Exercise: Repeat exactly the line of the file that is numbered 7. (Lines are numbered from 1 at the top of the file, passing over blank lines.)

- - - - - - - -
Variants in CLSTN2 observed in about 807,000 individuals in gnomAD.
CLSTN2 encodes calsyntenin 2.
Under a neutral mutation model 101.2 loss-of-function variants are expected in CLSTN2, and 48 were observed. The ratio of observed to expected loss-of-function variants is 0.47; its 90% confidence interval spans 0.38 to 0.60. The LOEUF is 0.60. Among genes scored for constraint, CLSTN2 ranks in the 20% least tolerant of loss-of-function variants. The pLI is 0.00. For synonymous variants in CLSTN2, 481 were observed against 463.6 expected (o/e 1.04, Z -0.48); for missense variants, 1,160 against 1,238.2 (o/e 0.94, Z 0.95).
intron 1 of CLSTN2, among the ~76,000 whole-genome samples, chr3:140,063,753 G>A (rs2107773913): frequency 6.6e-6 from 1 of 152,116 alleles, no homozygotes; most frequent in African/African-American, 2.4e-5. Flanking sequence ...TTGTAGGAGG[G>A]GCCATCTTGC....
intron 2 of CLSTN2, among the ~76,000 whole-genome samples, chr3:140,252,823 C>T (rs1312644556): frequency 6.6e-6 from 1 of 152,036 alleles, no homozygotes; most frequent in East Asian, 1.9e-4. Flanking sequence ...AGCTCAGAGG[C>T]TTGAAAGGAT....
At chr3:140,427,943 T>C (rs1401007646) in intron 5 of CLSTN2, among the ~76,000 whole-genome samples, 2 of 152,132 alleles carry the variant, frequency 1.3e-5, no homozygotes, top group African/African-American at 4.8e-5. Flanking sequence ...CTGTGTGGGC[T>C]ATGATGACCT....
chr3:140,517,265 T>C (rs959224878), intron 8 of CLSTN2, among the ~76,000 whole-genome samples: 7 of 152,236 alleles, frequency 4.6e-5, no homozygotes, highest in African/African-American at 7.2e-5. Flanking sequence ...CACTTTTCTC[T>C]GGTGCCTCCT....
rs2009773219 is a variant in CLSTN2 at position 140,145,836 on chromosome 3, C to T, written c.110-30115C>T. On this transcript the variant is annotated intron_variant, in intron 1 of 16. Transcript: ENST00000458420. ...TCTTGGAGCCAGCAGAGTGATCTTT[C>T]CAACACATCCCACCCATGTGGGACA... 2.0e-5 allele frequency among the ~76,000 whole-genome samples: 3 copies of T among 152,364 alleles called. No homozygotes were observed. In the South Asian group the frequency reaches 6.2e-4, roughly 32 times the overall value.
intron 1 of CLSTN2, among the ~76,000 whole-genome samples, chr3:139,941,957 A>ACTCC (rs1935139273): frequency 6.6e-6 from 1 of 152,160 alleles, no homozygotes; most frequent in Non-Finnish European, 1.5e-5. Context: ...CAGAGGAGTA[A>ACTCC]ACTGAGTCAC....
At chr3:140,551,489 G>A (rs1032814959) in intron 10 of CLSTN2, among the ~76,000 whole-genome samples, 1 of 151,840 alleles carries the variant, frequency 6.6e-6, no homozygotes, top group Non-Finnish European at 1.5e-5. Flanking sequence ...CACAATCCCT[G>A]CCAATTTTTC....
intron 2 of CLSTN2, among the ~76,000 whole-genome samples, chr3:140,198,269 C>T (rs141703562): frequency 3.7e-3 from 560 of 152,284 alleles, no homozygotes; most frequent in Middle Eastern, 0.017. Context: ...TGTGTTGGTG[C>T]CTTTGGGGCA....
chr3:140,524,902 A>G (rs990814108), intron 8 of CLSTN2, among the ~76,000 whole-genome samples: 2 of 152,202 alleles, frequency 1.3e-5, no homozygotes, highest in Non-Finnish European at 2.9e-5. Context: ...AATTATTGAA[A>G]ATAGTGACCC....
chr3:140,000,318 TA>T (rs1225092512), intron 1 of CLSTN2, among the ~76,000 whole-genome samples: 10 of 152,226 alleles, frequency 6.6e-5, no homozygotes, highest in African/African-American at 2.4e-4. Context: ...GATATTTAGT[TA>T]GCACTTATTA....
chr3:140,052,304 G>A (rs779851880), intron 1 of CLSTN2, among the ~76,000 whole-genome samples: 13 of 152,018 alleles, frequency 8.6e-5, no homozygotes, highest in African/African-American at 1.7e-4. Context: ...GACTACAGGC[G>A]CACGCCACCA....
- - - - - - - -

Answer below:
chr3:140,517,265 T>C (rs959224878), intron 8 of CLSTN2, among the ~76,000 whole-genome samples: 7 of 152,236 alleles, frequency 4.6e-5, no homozygotes, highest in African/African-American at 7.2e-5. Flanking sequence ...CACTTTTCTC[T>C]GGTGCCTCCT....